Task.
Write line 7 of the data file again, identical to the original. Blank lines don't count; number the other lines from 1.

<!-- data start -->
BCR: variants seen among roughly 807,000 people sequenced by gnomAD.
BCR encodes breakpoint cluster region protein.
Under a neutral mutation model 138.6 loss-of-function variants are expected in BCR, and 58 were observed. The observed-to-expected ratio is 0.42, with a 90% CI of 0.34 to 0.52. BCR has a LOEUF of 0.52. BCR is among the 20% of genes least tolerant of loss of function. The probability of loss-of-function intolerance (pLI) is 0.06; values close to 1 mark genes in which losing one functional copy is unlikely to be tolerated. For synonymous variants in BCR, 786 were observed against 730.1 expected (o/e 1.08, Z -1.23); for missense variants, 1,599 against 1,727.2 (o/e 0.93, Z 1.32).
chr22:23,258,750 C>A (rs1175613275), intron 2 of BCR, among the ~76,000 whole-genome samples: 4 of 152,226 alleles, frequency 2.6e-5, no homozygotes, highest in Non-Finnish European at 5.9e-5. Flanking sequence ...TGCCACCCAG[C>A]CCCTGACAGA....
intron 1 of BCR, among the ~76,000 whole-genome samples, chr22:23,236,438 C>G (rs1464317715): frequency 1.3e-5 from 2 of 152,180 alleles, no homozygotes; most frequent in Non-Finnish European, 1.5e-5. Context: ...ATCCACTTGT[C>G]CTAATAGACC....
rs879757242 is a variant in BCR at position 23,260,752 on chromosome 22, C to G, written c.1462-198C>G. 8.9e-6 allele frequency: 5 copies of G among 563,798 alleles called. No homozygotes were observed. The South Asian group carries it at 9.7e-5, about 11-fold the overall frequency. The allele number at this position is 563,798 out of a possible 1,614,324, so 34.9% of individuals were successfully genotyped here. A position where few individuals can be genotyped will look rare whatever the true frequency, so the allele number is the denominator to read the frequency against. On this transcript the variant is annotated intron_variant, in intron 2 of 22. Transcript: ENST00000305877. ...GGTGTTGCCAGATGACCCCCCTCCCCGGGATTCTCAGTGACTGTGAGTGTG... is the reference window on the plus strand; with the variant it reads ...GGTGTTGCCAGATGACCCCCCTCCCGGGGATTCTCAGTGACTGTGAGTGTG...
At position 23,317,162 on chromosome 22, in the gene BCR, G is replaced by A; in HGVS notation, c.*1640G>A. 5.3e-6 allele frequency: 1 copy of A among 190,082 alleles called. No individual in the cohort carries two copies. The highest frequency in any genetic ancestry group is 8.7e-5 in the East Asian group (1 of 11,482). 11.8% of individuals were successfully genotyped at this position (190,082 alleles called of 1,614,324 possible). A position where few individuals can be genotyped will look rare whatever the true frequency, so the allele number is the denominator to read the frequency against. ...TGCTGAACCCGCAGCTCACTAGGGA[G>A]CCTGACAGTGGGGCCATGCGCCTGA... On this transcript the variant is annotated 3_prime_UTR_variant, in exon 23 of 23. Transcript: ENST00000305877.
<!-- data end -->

At position 23,317,162 on chromosome 22, in the gene BCR, G is replaced by A; in HGVS notation, c.*1640G>A. 5.3e-6 allele frequency: 1 copy of A among 190,082 alleles called. No individual in the cohort carries two copies. The highest frequency in any genetic ancestry group is 8.7e-5 in the East Asian group (1 of 11,482). 11.8% of individuals were successfully genotyped at this position (190,082 alleles called of 1,614,324 possible). A position where few individuals can be genotyped will look rare whatever the true frequency, so the allele number is the denominator to read the frequency against. ...TGCTGAACCCGCAGCTCACTAGGGA[G>A]CCTGACAGTGGGGCCATGCGCCTGA... On this transcript the variant is annotated 3_prime_UTR_variant, in exon 23 of 23. Transcript: ENST00000305877.